"Tough times don't last, tough people do" - Gregory Peck

ScarletGray43157's picture

Eight teams would make for a seven game playoff, including the championship game, and could be done in three weeks, or four weeks if there was a two-week runup for the title game like there is for the Super Bowl.  I disagree that excitement would be diminished, and I believe that the opposite would be true, simply because more teams would have a chance to get hot in the playoffs and make a run for the title.  Every regular season game would still matter just as much as before, but the possibility of getting in the playoffs would just add more meaning if there were eight slots open.  I don't know if we'll ever see more than a four team, three game playoff or not, but I still believe that it would be great stuff and only enhance college football.  

In old Ohio there's a team that's known throughout the land...

hodge's picture

I guess my issue lies in that it gives "unworthy" teams the chance to compete for the ultimate prize: which is heresy in my book.  College football is unique among the landscape of American sports in that it rewards perfection: a singular loss can sink your squad's championship aspirations--as such, its regular season is imbued with a level of drama that's unmatched in the whole of athletics.  When you start to raise that cutoff (which, in my opinion, is anything past six teams), you're allowing in teams that are wholly undeserving of a championship a chance to attain one--effectively cheapening that trademark drama that permeates the season.  Think about it: would The Game be quite as epic if both teams were guaranteed a spot in the playoff (i.e. meeting undefeated, with no chance that a loser drops below #8), regardless of who won?
For me, at least, there's a romantic thing about college football: while every other popular American sport rewards teams that get hot at the end, college football's championship is based upon a team's complete body of work--there's no real way to "back in" to a four team playoff in a 120-team field.  Yet, strange as it may seem, I think that when that field extends to eight, we start to descend into that territory.
You are right that it would be great television, but we all know what March Madness has done to college basketball's regular season.  Admittedly, my comparison is hyperbolic, but it would start the sport down that path.

chitown buckeye's picture

I'm in agreement for the most part with everything you have stated. I like the 4 team system to start but I am not necessarily sold that its better than an 8 team playoff.
I guess my one issue is with the statement of "it gives unworthy teams the chance to compete..."  When "worthy" and "unworthy" is opinionated by who you talk to, what part of the country your from, conference perception, etc... Without teams playing similar schedules there is no true formula to determine who is "worthy" or "unworthy."  Obviously, records play a huge role in determining "worthy" teams but as in any sport a team can get hot and start "clicking." It wouldn't surprise me in the least if a 5,6,7,8 seed would consistently make a run in a playoff format. I would hate to throw these teams out of an exciting playoff simply because a team who is undefeated in a weaker conference gets the invite or biased committees keep them out. I think more times than not teams 4-8 would be closer than what you think in terms of their resume for an invite to the playoff. Teams 1-3 wouldn't be locks for a first round victory either.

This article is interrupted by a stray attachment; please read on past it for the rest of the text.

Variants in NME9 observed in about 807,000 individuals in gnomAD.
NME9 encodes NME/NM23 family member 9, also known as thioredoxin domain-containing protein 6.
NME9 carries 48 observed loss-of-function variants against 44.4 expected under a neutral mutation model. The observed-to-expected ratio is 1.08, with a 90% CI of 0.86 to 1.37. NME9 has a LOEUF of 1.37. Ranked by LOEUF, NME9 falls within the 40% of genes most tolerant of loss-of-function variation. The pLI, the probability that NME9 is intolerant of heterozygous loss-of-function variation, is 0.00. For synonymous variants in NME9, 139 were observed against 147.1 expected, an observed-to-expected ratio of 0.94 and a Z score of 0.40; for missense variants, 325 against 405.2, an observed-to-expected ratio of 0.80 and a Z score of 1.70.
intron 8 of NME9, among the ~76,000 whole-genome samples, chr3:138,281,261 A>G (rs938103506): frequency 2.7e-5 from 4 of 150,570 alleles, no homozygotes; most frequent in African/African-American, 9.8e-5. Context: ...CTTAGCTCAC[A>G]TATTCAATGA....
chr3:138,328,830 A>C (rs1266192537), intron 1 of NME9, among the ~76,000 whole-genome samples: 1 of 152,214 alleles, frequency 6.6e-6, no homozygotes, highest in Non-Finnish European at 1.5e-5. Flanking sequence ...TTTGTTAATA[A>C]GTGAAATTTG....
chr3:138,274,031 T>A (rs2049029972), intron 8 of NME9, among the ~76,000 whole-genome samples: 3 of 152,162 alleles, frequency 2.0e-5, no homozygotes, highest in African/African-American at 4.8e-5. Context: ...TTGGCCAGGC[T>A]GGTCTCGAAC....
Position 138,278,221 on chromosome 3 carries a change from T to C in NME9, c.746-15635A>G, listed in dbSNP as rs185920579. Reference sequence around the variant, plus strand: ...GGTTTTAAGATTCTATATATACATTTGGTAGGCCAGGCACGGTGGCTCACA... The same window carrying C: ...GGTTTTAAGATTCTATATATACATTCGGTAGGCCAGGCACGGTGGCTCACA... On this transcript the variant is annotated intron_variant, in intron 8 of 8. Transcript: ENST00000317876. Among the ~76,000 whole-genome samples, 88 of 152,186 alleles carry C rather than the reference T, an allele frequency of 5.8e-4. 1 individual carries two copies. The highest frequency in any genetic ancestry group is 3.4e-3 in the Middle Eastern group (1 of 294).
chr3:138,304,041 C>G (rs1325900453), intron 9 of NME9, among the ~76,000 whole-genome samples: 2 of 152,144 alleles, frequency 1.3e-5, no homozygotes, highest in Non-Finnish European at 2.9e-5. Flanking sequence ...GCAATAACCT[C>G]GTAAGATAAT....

"I'm having a heart attack!"

Catch 5's picture

Yes, you would add excitement during the 3-week playoff - at the expense of the 12-week season. 

...because more teams would have a chance to get hot in the playoffs and make a run for the title.  Every regular season game would still matter just as much as before...

Do you not see your contradiction?  By allowing a team to get hot at the end of the season, you have just excluded the beginning of the season.  Being the best in college football is the evaluation of a whole season, not just how you end it - that is why it is better than the NFL (in my opinion).  There is no option for an 8-4 team to beat a 13-0 team and be declared the champion.  The regular season is the battlefield, not the proving grounds.

Make their asses quit! - Nick Saban

hodge's picture

"The regular season is the battlefield, not the proving grounds."

Best way I've seen this articulated.  Bravo.

chitown buckeye's picture

But surely the team that runs the Gauntlet of the playoff is deserving of something? If you are a top 8 team, you didnt exactly have a bad year. 1,2,3 losses? If you win 3 games in a row verse top 8 opponents I think you can hold your head high as the champion.